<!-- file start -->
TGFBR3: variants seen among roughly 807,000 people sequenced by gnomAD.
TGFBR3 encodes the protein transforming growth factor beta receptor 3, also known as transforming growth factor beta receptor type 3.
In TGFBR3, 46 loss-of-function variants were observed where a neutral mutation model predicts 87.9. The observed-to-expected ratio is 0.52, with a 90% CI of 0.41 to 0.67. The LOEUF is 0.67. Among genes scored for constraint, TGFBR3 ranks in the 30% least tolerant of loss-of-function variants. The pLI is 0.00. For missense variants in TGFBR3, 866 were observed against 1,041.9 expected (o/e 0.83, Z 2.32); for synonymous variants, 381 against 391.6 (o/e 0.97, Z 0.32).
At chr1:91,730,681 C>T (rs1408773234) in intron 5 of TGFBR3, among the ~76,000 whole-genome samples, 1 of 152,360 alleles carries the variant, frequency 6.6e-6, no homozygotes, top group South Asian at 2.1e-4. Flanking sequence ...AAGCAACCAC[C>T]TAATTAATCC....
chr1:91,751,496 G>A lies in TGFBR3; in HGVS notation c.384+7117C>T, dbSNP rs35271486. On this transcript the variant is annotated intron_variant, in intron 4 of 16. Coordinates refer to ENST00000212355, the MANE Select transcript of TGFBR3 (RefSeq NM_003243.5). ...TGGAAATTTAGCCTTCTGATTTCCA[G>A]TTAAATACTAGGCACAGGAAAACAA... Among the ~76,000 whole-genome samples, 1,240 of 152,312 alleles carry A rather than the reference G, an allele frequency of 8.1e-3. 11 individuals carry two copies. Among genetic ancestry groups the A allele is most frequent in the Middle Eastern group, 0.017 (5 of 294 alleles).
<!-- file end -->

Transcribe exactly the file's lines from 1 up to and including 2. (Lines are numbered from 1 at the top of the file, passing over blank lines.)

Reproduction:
TGFBR3: variants seen among roughly 807,000 people sequenced by gnomAD.
TGFBR3 encodes the protein transforming growth factor beta receptor 3, also known as transforming growth factor beta receptor type 3.